The outlook continues to be clouded by COVID-19 but a team of University of Michigan economists sees encouraging signs that could bring economic life close to normal by the end of 2021.
Much, though, will depend on how readily a vaccine becomes available by next summer.
The annual U.S. Economic Outlook indicated that the real gross domestic product is expected to rise by 4.2% in 2021.
Real GDP is expected to decline by 3.6% year-over-year in 2020, according to the U-M forecast.
“Regardless of what happens in the near term with the virus, I think the recovery will be pretty vigorous once we get a wide rollout of a vaccine,” said Daniil Manaenkov, U.S. forecasting specialist for the U-M Research Seminar in Quantitative Economics, in a statement.
The negative risks, he maintained, are mostly short-term and might only influence the timing of the recovery.
“But then again,” he said, acknowledging the shocking disruption to the economy in 2020, “it could be our own fatigue of forecasting gloom talking.”
The forecast was prepared by Manaenkov and U-M economists Jacob Burton, Gabriel Ehrlich, Tereza Ranosova and Aditi Thapar.
The U-M forecast assumes that a vaccine will be available to workers on the front lines by early 2021, with wider availability by next summer.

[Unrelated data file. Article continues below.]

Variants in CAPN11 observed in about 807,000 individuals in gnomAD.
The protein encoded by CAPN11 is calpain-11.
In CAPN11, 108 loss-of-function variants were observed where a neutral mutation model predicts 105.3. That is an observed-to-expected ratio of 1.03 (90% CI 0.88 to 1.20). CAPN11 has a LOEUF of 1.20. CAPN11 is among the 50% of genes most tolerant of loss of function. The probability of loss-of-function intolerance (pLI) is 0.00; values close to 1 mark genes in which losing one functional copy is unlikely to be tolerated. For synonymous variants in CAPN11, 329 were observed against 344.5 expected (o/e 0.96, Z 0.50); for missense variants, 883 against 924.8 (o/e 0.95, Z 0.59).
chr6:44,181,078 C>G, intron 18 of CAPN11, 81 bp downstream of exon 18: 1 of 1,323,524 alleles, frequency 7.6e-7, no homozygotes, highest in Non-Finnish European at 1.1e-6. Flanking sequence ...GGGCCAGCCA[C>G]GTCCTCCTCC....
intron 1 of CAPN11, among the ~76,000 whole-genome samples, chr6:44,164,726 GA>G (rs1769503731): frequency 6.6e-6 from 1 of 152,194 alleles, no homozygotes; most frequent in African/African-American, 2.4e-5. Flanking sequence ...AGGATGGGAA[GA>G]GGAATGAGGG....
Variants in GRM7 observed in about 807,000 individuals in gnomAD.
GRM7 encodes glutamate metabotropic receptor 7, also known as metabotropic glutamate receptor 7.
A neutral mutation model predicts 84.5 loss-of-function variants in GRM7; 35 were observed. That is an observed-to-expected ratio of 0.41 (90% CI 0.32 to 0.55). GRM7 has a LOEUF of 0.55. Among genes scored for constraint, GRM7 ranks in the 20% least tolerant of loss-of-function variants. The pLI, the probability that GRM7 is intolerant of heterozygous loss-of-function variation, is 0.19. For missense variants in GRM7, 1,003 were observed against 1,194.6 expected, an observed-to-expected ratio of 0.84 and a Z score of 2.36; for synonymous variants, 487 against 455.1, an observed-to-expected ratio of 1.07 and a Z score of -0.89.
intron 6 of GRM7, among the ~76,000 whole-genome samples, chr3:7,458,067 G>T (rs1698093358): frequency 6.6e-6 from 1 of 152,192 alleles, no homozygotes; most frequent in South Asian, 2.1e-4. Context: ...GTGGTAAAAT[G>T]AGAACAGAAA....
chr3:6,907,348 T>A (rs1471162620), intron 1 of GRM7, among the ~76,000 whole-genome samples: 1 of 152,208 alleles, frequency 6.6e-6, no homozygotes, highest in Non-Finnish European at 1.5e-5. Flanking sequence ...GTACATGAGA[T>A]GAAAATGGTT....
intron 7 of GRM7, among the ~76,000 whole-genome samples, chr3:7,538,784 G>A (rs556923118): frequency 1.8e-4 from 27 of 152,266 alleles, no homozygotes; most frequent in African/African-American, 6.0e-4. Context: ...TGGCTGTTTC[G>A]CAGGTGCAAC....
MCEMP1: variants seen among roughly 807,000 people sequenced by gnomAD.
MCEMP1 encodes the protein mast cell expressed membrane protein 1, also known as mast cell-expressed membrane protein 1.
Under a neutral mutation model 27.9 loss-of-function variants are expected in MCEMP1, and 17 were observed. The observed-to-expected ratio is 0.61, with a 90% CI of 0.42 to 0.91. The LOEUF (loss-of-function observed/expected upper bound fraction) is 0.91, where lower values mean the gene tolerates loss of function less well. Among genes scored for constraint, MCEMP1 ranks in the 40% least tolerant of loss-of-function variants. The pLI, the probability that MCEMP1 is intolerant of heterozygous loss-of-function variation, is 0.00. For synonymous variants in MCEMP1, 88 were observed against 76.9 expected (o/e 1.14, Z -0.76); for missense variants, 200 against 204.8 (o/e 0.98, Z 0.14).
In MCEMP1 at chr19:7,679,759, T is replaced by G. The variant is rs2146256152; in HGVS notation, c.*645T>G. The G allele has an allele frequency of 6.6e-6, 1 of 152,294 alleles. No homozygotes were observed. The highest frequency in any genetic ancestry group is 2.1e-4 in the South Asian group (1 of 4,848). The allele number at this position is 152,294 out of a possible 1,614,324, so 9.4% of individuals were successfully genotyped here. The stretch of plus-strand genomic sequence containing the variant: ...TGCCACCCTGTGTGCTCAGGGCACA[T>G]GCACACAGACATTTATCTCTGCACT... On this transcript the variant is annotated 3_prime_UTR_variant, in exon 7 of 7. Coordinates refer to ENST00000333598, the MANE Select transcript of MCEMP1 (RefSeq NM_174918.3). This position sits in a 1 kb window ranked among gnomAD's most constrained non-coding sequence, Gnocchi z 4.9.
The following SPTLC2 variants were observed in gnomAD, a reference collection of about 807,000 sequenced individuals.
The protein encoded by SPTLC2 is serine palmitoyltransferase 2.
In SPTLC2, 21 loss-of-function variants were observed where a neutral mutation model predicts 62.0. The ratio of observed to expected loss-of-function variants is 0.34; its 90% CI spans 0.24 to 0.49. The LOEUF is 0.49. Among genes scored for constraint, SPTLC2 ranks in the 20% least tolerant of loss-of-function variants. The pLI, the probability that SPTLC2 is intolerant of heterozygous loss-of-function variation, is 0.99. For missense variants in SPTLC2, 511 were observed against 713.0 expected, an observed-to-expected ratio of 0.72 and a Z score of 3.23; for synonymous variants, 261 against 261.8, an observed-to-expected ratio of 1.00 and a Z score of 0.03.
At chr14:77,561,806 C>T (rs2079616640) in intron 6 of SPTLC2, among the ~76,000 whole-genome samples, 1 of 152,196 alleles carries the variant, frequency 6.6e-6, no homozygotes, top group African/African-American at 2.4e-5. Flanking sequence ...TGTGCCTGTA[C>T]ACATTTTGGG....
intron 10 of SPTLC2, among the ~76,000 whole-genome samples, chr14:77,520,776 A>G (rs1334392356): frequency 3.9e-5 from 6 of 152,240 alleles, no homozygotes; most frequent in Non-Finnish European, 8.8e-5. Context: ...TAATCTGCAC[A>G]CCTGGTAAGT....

What’s ahead this winter?
The U.S. recovery is expected to continue during the winter at a slower pace but not necessarily across the country. Continued strong growth in the warmer states could dominate a potential economic contraction in colder northern states, which are likely to impose restrictions to address seasonal spikes of new cases and hospitalizations in the winter.
Michigan, for example, launched a three-week pause that restricts many activities, including temporarily shutting down indoor dining and ending in-person classroom instruction at high schools and colleges.
What are others forecasting?
The U-M call is close to the view of economists elsewhere.
Moody’s economist Mark Zandi, for example, is forecasting that real GDP will decline 3.6% this year and increase by 4.1% in 2021. Zandi said his assumptions are based on the passage of a $1.5 trillion fiscal rescue package in February 2021 and a coronavirus vaccine that could be widely distributed by mid-2021.
The depth of the COVID-19 recession in early 2020 — and the unknowns relating to the pandemic — create far less certainty when it comes to any economic forecast. It remains unknown, for example, if the U.S. economy would head into a double-dip recession if the uptick in new COVID-19 cases sharply reduces economic activity this winter.
“We expect to get through the next few quarters with positive momentum, but we recognize that the effects of a double-dip recession in the U.S. could be especially damaging, reinforcing longer-term changes in individual and company behavior,” according to a report issued by Comerica chief economist Robert Dye.